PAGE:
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Spectre of walkout by Primates haunts Canterbury talks

08 January 2016


Venue: Canterbury Cathedral

Venue: Canterbury Cathedral

REPORTS that GAFCON Primates may walk out of next week’s gathering in Canterbury have prompted the Archbishop of Canada, the Most Revd Fred Hiltz, to call for a cessation to “the language of warfare” and for a commitment to healing the “bruised” Communion.

The GAFCON website confirms that the Primates will attend the meeting, which begins on Monday in Canterbury, but warns that “their continued presence will depend upon action by the Archbishop of Canterbury and a majority of the Primates to ensure that participation in the Anglican Communion is governed by robust commitments to biblical teaching and morality”.

A report in the Mail on Sunday last week suggested that the Archbishops of Nigeria, Kenya, and Uganda had been on the brink of snubbing the meeting, and may still walk out. On Friday, The Guardian reported that six Primates were likely to walk out "within a day or two" of the start of the meeting. These were listed as the Primates of Uganda, Kenya, Nigeria, Rwanda, Congo, and the Archbishop of South Sudan and Sudan. A "senior C of E source" had said that it was "90 per cent likely that the six will walk out". 

Thirteen Primates were absent from the last Primates' Meeting in Dublin, four years ago (News, 2 February, 2011). Communications from GAFCON in recent weeks underscore that their attendance on Monday does not indicate any softening in its stance towards those it accuses of preaching a “false gospel”.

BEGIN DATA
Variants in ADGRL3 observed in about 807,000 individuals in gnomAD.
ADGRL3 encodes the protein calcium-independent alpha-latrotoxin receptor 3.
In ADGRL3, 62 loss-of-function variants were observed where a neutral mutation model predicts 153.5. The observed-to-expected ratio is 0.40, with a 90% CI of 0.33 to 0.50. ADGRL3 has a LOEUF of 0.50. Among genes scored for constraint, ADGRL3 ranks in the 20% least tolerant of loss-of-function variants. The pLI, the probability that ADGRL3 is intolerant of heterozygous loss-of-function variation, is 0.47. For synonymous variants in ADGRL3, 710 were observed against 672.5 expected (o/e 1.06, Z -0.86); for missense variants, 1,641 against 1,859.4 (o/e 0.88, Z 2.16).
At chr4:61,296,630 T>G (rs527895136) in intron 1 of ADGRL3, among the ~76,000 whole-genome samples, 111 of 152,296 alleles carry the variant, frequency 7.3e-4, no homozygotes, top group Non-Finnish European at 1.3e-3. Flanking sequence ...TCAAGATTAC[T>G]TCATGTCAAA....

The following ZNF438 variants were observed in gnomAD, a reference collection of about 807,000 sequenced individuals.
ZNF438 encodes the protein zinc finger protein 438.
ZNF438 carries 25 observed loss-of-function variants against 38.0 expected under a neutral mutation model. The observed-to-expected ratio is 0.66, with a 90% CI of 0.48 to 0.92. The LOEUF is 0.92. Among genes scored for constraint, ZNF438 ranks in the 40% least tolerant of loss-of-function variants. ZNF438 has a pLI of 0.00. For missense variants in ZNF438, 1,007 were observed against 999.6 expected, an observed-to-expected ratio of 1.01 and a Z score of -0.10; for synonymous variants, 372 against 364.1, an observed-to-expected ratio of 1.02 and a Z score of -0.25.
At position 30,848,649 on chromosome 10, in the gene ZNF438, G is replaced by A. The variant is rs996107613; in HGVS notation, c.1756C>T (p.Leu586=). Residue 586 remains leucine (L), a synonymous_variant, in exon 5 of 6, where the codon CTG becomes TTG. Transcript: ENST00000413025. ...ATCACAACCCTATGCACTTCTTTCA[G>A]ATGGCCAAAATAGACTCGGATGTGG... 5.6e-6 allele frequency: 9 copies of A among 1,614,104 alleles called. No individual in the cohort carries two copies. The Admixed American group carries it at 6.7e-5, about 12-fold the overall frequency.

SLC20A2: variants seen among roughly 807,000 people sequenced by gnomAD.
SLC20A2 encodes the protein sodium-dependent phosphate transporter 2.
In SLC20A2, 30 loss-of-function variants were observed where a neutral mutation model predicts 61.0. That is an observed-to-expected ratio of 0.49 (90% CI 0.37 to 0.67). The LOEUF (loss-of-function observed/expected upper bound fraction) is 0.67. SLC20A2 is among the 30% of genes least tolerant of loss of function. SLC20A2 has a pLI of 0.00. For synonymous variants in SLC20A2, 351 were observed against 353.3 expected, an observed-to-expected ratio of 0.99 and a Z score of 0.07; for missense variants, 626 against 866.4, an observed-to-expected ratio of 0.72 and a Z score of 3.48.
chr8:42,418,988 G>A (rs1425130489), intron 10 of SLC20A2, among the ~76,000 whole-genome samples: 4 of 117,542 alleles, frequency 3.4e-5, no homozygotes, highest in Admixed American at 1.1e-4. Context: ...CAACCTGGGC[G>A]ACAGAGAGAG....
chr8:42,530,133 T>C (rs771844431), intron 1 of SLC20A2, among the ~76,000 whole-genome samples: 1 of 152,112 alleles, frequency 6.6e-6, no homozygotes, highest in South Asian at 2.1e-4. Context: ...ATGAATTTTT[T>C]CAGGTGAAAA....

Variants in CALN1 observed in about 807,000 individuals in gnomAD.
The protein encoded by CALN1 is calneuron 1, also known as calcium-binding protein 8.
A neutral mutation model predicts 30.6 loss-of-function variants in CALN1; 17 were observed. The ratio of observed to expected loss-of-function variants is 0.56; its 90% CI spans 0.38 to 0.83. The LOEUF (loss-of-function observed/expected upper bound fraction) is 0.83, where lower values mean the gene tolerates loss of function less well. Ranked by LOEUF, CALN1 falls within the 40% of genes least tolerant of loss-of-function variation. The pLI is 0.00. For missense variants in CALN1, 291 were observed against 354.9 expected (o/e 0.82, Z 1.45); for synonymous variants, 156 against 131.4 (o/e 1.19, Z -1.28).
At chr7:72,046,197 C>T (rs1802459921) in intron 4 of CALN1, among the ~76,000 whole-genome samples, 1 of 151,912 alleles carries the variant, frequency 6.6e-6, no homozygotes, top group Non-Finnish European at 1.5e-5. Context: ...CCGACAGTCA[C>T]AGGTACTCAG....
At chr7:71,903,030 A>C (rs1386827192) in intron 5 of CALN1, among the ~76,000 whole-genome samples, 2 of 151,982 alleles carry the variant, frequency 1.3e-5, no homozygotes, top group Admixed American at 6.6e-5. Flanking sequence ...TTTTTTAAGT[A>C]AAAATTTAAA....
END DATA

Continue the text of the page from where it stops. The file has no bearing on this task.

“A basic church-defining principle will be at stake,” wrote the chairman of the GAFCON Primates’ Council and Primate of Kenya, Dr Eliud Wabukala, in a letter sent to members last month. “Will Christ rule our life and witness through His word, or will our life and witness be conformed to the global ambitions of a secular culture?”

“Truth matters even more than institutional unity,” GAFCON’s general secretary, Dr Peter Jensen, wrote in a blog published on New Year’s Day.

In a pastoral letter issued on Wednesday the Archbishop of the Anglican Church of Uganda, the Most Revd Stanley Ntagali, stressed that the Church was not in communion with the Episcopal Church in the United States (TEC) or the Anglican Church of Canada, and that its Provincial Assembly had "resolved to not participate in any official meetings of the Anglican Communion until godly order is restored". The invitation he had accepted from the Archbishop of Canterbury was, he said, to a "gathering" rather than a Primates Meeting. Archbishop Welby "understands that the first topic of conversation . . .  is the restoration of godly order in the Anglican Communion". He called for "discipline" to be administered to TEC, in the light of the consecration of the Bishop of New Hampshire, the Rt Revd Gene Robinson, who was in a committed same-sex relationship. "If such discipline and godly order is not restored, then I will uphold the Provincial Assembly’s resolution and withdraw from the meeting," he wrote. 

Archbishop Hiltz said on Tuesday that, although it was a “hopeful sign” that no Primate had refused to attend the meeting, he was expecting some “very tense moments”.

“I am always saddened when I hear church leaders say publicly the time for dialogue is over,” he said. “I think that is a sad commentary on the state of our relationships. I think the gospel calls us to remain in conversation as long as we can.”

He went on: “If people feel that the way things are moving is not in accord with their desires or prayers and they walk out, I think that would be very, very unfortunate.” He recalled St Paul’s image of the body of Christ and the parts’ mutual need.